The late, great Casey Stengel, ex-manager of the New York Yankees and the New York Mets and the unparalleled master of fractured English, once lent his name to a book titled, “Can’t Anyone Here Play This Game?,” which was about a dreadful early Mets team. As I watch the television news and read the morning newspaper these days, the same question occurs to me with respect to my cohorts in the communications business.
Supposedly learned talking heads on television — including an inordinate number of high-powered lawyers you’d think would know better, having paid dearly for an Ivy League law school education — insist on calling an affidavit an ITAL “affidavid,” UNITAL suggesting the strong probability that they can’t spell the word, either.
The guy responsible for naming hurricanes decides to go uptown on us with the French spelling of George for the latest mega-storm to sweep the South, throwing the rip-and-read newscasters for a serious loss with “Georges.” The frauds attempt to show off their alleged mastery of the French language and come across sounding much like the late Peter Sellers’ daffy Inspector Clouseau of Pink Panther fame; the honest ones are content to call a Georges a plain old Americanized George; others bastardize and mangle the moniker into some strange hybrid of the two versions.
It rarely occurs to sportscasters and ex-jocks broadcasting football or hockey games that the term is “offside,” not “offsides,” leaving little doubt what they might do with “affidavit” should it ever have to be worked into the play-by-play. To give credit where credit is due, however, the same crowd also perfected the “ya-know” interview (average number of repetitions in a three-minute interview: 43) without which there could be no sports-speak as we know it today, so there you go.
At a highway accident scene, television cameras will show a pickup truck and a tractor-trailer rig all stove to hell in the background and the reporter will gush into the camera, “Police say that no one in either car was injured…”
The same people refer to all evergreens as “pine” trees, and, although they may be technically correct, it still aggravates. The every-green-tree-is-pine proponents are kin to the bozos who stand in front of a gasoline pump that sports a sign advertising gasoline at $1.02.9 per gallon and report to viewers that the price is a buck-two per gallon, rather than $1.03. (As the owners of mom-and-pop stores are learning, percentages are not always all that they are cracked up to be; i.e., a 6 percent Maine state sales tax reduced to 5 1/2 percent in time for the November elections is still a six percent tax to an osbolete cash register.)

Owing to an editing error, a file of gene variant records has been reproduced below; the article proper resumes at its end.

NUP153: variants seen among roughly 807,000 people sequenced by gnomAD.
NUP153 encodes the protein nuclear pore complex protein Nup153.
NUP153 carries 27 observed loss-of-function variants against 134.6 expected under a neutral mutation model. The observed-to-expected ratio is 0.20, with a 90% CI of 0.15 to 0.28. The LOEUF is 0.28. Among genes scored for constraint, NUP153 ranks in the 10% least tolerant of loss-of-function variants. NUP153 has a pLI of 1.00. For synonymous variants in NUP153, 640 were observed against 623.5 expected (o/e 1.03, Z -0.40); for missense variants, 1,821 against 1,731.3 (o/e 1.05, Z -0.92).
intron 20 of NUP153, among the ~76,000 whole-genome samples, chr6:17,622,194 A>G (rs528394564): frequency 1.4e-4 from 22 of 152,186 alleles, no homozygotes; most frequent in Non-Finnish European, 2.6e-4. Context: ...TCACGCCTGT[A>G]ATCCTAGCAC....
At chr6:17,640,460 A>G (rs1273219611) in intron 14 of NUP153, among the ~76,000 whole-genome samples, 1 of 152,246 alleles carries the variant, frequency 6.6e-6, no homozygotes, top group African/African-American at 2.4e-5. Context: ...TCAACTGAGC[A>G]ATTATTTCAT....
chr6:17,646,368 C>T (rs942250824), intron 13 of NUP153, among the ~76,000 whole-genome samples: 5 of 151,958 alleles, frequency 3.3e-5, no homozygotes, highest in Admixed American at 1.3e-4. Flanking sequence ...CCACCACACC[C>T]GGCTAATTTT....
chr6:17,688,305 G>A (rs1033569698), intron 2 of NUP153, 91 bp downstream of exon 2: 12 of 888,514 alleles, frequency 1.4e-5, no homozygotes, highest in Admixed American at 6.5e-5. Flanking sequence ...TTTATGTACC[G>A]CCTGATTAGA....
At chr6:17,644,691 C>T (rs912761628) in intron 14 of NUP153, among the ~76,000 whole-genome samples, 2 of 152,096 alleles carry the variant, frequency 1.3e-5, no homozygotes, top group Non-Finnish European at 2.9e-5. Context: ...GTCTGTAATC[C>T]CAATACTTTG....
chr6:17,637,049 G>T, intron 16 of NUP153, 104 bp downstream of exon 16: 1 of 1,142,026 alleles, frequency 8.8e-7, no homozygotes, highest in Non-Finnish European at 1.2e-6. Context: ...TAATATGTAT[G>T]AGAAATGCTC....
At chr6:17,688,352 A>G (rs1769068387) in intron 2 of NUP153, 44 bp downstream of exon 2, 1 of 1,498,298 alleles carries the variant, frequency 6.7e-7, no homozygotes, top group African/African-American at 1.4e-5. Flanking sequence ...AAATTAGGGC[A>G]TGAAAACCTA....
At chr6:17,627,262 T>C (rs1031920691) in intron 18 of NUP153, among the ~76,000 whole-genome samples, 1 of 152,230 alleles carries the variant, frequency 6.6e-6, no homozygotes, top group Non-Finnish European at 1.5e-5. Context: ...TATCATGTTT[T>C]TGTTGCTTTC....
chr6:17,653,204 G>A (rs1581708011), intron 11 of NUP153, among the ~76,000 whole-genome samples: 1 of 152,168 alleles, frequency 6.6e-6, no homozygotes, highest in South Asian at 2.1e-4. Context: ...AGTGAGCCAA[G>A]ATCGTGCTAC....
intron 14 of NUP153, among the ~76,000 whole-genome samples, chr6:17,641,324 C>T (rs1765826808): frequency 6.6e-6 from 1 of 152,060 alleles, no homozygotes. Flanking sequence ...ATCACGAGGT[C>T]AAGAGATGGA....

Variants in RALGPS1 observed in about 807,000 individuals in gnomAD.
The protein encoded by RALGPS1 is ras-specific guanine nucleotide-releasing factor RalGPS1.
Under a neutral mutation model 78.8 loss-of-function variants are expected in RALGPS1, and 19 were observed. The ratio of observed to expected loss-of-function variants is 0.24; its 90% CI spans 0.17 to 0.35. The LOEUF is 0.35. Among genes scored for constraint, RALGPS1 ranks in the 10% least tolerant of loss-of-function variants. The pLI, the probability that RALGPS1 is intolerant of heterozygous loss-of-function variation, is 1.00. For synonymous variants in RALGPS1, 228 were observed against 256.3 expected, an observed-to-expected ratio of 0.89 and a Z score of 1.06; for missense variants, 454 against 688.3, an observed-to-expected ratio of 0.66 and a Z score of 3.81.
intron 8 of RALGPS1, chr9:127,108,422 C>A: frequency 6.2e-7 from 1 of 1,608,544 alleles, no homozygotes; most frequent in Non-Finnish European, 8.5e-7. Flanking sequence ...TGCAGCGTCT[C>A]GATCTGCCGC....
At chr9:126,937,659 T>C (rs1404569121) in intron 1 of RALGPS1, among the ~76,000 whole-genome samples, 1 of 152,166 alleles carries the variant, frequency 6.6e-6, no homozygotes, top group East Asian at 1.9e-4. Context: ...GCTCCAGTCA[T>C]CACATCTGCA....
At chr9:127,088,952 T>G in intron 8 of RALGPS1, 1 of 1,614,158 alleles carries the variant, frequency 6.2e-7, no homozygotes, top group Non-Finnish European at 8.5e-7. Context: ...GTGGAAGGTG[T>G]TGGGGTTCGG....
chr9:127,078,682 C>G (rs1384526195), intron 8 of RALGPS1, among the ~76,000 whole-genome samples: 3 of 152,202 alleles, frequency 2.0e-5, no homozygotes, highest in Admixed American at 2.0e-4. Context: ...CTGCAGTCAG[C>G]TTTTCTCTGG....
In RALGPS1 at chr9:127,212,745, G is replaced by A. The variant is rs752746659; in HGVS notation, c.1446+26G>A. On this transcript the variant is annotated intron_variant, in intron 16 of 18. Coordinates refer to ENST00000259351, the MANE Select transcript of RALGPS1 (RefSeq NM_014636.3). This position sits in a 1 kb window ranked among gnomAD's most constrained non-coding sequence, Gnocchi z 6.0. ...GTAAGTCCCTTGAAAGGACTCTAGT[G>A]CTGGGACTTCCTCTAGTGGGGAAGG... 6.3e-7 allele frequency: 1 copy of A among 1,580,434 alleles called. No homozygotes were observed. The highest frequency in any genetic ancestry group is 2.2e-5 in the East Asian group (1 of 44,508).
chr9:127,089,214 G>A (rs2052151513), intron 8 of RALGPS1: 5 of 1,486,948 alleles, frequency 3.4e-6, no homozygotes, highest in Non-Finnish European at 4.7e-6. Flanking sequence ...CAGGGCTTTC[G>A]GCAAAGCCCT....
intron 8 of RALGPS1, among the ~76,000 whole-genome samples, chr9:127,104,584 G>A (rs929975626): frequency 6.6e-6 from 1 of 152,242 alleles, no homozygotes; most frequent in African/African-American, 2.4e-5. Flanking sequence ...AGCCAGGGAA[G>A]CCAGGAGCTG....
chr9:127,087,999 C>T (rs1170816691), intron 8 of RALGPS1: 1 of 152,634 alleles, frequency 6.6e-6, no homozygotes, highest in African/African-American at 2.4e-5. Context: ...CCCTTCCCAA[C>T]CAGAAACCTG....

Geographically speaking, we are often ill-served by Media Person, who gives us “Frenchman’s Bay” rather than Frenchman Bay and “St. John, N.B.” rather than Saint John, N.B., as the Associated Press stylebook mandates in order to distinguish that city from St. John’s, Newfoundland.
Media Person is also fond of using “bring” when he means “take,” and “less” when he means “fewer,” not to mention “farther” for “further,” and vice versa in all of the above. Call him on it, however, and you likely will get the Bill Clinton all-purpose defense: It depends on what you mean by “bring…”
Trying to ride herd on such misdemeanors can make an editor long for something as comparitively simple as translating into the mother tongue the prose of the aforementioned trail-blazing linguist, Casey Stengel.
Testifying before a congressional committee investigating the need for baseball anti-trust legislation in 1958, Stengel came up with a masterpiece. According to the Congressional Record, he told the committee, “I got a little concerned yesterday in the first three innings when I saw the three players I had gotten rid of, and I said when I lost nine what am I going to do. And when I had a couple of my players I thought so great of that did not do so good up to the sixth inning I was more confused, but I finally had to go and call on a young man from Baltimore that we don’t own and the Yankees don’t own, and he is doing pretty good, and I would actually have to tell you that I think we are more the Greta Garbo type now from success.”
My treasured and oft-quoted “365 Stupidest Things Ever Said” desk calendar claims that when lawmakers asked Mickey Mantle his opinion on the topic he replied, “My views are just about the same as Casey’s.” NEWS columnist Kent Ward lives in Winterport.